Herb: American Beech


Latin name: Fagus grandifolia


Family: Fagaceae (Beech Family)



Medicinal use of American Beech:

A decoction of the boiled leaves has been used as a wash and poultice to treat frostbite, burns, poison ivy rash etc. The nuts have been eaten as a vermifuge. A tea made from the bark has been used in the treatment of lung ailments. It has also been used to procure an abortion when the mother was suffering.

Description of the plant:



Plant:
Deciduous
Tree

Height:
10 m
(33 feet)

Flovering:
April
to May

Habitat of the herb:

Rich uplands and mountain slopes, often forming nearly pure forests. In the south of its range it is also found on the margins of streams and swamps.

Edible parts of American Beech:

Young leaves - raw or cooked as a potherb. A very nice mild flavour but the leaves quickly become tough so only the youngest should be used. New growth is usually produced for 2 periods of 3 weeks each year, one in spring and one in mid-summer. Seed - raw or cooked. Small but very sweet and nutritious, it is sold in local markets in Canada and some parts of America. Rich in oil, the seed also contains up to 22% protein. The raw seed should not be eaten in large quantities since it is believed to cause enteritis. It can be dried and ground into a powder, then used with cereal flours in making bread, cakes etc. The germinating seeds can be eaten raw, they are tender, crisp, sweet and nutty. The roasted seed is a coffee substitute. An edible semi-drying oil is obtained from the seed. Inner bark. Dried, ground into a powder and then used as a thickening in soups etc or mixed with cereals when making bread.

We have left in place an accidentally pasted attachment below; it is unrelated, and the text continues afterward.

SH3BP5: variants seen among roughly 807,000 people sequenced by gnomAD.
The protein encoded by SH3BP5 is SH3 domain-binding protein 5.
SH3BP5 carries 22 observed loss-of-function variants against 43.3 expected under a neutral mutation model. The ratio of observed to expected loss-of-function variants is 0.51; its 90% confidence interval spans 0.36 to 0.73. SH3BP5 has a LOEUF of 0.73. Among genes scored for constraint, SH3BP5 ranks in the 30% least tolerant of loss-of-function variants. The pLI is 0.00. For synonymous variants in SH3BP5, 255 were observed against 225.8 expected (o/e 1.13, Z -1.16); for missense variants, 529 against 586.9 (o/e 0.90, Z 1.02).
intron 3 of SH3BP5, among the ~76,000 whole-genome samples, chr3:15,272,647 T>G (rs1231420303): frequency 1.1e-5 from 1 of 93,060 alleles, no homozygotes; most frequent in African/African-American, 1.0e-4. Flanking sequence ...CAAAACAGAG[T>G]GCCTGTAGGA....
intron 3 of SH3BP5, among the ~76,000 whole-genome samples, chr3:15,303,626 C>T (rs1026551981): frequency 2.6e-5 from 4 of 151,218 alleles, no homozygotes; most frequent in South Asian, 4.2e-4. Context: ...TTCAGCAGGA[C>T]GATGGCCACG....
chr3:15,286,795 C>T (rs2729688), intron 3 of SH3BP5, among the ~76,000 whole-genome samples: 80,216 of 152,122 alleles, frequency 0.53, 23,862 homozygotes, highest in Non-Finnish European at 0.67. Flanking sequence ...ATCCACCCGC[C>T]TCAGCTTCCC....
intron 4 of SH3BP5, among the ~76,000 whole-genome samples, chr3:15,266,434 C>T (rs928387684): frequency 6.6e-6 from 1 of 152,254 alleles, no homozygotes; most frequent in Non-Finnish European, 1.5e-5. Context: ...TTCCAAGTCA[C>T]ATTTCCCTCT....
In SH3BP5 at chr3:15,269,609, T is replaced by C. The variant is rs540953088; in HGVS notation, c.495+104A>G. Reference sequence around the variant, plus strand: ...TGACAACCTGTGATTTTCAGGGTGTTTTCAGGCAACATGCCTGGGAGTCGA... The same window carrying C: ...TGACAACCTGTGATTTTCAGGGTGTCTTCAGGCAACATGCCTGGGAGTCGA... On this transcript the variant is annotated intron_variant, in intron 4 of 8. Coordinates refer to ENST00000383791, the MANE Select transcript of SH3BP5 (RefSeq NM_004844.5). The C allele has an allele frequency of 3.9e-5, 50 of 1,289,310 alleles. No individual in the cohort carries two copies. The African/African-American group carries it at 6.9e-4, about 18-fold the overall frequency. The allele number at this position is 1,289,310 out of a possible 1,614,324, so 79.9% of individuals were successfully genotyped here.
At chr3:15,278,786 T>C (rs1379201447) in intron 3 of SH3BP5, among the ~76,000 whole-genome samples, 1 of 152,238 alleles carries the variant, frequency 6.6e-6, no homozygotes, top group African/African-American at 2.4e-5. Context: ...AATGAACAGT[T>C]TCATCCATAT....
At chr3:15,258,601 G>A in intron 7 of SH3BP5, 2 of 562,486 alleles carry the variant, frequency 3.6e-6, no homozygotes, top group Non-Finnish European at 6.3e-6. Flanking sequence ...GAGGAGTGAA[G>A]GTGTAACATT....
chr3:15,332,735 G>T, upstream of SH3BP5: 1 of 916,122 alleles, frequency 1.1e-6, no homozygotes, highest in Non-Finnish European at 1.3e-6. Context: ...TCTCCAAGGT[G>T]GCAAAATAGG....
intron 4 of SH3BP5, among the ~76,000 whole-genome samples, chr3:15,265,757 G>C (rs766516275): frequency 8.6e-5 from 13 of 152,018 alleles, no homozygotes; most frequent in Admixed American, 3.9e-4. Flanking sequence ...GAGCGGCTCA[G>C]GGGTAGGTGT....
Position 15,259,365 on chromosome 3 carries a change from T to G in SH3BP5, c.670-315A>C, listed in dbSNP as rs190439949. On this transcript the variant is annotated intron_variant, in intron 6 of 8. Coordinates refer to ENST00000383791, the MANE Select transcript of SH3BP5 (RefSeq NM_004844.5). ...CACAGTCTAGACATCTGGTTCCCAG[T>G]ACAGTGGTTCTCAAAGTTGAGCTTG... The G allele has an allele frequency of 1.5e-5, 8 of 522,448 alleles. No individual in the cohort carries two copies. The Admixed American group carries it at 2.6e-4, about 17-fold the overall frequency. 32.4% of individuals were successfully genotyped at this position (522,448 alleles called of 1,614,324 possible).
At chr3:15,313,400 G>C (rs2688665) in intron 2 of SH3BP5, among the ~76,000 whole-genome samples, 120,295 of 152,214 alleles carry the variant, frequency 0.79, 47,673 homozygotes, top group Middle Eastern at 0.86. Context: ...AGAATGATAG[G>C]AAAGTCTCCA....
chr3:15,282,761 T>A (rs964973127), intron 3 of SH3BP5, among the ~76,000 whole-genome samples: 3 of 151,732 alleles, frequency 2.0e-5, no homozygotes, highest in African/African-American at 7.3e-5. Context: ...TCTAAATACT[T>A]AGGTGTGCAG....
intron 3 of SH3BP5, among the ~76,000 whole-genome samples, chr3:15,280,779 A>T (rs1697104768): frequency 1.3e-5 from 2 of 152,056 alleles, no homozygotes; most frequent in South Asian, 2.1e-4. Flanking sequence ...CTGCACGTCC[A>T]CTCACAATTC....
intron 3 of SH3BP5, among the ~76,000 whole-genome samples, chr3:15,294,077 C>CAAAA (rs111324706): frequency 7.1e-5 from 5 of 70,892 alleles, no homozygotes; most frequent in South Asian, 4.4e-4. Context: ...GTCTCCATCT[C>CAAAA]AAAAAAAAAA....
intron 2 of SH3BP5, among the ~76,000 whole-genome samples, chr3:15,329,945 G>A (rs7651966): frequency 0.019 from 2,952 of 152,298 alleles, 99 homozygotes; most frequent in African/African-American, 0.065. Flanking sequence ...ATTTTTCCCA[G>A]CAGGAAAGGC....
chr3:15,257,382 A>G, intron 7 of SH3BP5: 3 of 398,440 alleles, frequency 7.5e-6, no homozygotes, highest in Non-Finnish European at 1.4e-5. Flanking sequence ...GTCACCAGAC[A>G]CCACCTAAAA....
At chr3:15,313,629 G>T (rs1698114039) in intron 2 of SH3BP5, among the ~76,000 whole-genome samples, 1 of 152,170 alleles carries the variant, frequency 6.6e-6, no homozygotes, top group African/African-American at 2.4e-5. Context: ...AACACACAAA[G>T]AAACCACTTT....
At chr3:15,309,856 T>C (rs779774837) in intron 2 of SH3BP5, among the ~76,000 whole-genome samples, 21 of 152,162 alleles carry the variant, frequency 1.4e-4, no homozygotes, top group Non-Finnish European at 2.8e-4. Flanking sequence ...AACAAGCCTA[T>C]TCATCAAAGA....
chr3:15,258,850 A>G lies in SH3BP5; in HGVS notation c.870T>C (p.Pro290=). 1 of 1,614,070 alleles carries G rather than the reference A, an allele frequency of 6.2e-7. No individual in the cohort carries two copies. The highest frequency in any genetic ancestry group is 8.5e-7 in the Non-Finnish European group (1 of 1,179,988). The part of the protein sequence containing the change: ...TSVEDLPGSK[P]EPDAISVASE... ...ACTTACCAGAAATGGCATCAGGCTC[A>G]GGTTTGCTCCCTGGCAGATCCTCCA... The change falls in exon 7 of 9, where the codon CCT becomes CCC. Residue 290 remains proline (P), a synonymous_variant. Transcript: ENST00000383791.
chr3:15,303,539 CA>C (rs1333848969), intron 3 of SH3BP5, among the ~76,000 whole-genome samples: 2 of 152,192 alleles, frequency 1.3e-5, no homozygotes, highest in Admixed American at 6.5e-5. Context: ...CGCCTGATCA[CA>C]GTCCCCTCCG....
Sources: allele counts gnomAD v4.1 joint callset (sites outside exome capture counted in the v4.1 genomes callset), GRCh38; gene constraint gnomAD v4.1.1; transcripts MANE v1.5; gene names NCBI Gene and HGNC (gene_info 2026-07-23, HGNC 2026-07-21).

Other uses of the herb:

The oil obtained from the seed has been used as a fuel in oil lamps. Wood - strong, hard, heavy, very close grained, not durable, difficult to cure. It weighs 43lb per cubic foot. Harvested commercially, it is used for furniture, flooring, tool handles, crates etc. It makes an excellent charcoal and is used in artwork.

Propagation of American Beech:

Seed - the seed has a short viability and is best sown as soon as it is ripe in the autumn in a cold frame. Protect the seed from mice. Germination takes place in the spring. When they are large enough to handle, prick the seedlings out into individual pots and grow them on in the greenhouse for at least their first winter. Plant them out into their permanent positions in late spring or early summer, after the last expected frosts. The seedlings are slow growing for the first few years and are very susceptible to damage by late frosts. The seed can also be sown in an outdoor seedbed in the autumn. The seedlings can be left in the open ground for three years before transplanting, but do best if put into their final positions as soon as possible and given some protection from spring frosts.

Cultivation of the herb:

Rich uplands and mountain slopes, often forming nearly pure forests. In the south of its range it is also found on the margins of streams and swamps.

Known hazards of Fagus grandifolia:

Large quantities of the raw seed may be toxic.

Plant information taken from the Plants For A Future.